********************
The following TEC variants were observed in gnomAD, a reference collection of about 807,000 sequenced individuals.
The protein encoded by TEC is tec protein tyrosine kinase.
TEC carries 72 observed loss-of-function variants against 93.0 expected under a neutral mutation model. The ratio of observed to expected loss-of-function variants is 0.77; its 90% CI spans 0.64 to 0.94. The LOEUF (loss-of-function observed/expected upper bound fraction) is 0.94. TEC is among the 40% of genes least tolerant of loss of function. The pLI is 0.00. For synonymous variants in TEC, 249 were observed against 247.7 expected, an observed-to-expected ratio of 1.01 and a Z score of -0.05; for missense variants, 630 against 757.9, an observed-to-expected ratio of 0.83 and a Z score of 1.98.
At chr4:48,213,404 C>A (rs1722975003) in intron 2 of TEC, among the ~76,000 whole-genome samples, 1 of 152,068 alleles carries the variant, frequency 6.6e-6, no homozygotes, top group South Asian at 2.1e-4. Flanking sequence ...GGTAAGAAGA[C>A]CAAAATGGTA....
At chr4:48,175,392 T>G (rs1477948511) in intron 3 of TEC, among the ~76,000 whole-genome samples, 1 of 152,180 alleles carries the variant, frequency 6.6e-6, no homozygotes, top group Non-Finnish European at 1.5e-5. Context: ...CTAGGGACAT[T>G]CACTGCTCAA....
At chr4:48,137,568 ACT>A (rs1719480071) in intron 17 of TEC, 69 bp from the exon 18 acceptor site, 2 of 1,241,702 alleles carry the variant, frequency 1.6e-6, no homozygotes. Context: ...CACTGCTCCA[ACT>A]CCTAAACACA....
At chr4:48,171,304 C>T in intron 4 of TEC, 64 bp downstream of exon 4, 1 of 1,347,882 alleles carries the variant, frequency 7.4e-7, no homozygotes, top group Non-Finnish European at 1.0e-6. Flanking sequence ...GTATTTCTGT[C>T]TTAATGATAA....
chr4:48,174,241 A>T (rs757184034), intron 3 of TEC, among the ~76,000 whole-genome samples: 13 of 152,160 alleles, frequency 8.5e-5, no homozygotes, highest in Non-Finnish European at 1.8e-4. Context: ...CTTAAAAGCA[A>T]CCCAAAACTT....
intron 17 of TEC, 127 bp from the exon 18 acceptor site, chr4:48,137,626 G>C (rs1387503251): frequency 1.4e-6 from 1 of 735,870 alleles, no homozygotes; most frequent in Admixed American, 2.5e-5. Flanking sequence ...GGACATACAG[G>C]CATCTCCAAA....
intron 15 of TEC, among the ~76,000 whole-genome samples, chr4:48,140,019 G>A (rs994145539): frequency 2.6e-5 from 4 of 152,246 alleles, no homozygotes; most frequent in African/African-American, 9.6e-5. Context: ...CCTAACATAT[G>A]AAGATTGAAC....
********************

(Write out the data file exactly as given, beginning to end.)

The following TEC variants were observed in gnomAD, a reference collection of about 807,000 sequenced individuals.
The protein encoded by TEC is tec protein tyrosine kinase.
TEC carries 72 observed loss-of-function variants against 93.0 expected under a neutral mutation model. The ratio of observed to expected loss-of-function variants is 0.77; its 90% CI spans 0.64 to 0.94. The LOEUF (loss-of-function observed/expected upper bound fraction) is 0.94. TEC is among the 40% of genes least tolerant of loss of function. The pLI is 0.00. For synonymous variants in TEC, 249 were observed against 247.7 expected, an observed-to-expected ratio of 1.01 and a Z score of -0.05; for missense variants, 630 against 757.9, an observed-to-expected ratio of 0.83 and a Z score of 1.98.
At chr4:48,213,404 C>A (rs1722975003) in intron 2 of TEC, among the ~76,000 whole-genome samples, 1 of 152,068 alleles carries the variant, frequency 6.6e-6, no homozygotes, top group South Asian at 2.1e-4. Flanking sequence ...GGTAAGAAGA[C>A]CAAAATGGTA....
At chr4:48,175,392 T>G (rs1477948511) in intron 3 of TEC, among the ~76,000 whole-genome samples, 1 of 152,180 alleles carries the variant, frequency 6.6e-6, no homozygotes, top group Non-Finnish European at 1.5e-5. Context: ...CTAGGGACAT[T>G]CACTGCTCAA....
At chr4:48,137,568 ACT>A (rs1719480071) in intron 17 of TEC, 69 bp from the exon 18 acceptor site, 2 of 1,241,702 alleles carry the variant, frequency 1.6e-6, no homozygotes. Context: ...CACTGCTCCA[ACT>A]CCTAAACACA....
At chr4:48,171,304 C>T in intron 4 of TEC, 64 bp downstream of exon 4, 1 of 1,347,882 alleles carries the variant, frequency 7.4e-7, no homozygotes, top group Non-Finnish European at 1.0e-6. Flanking sequence ...GTATTTCTGT[C>T]TTAATGATAA....
chr4:48,174,241 A>T (rs757184034), intron 3 of TEC, among the ~76,000 whole-genome samples: 13 of 152,160 alleles, frequency 8.5e-5, no homozygotes, highest in Non-Finnish European at 1.8e-4. Context: ...CTTAAAAGCA[A>T]CCCAAAACTT....
intron 17 of TEC, 127 bp from the exon 18 acceptor site, chr4:48,137,626 G>C (rs1387503251): frequency 1.4e-6 from 1 of 735,870 alleles, no homozygotes; most frequent in Admixed American, 2.5e-5. Flanking sequence ...GGACATACAG[G>C]CATCTCCAAA....
intron 15 of TEC, among the ~76,000 whole-genome samples, chr4:48,140,019 G>A (rs994145539): frequency 2.6e-5 from 4 of 152,246 alleles, no homozygotes; most frequent in African/African-American, 9.6e-5. Context: ...CCTAACATAT[G>A]AAGATTGAAC....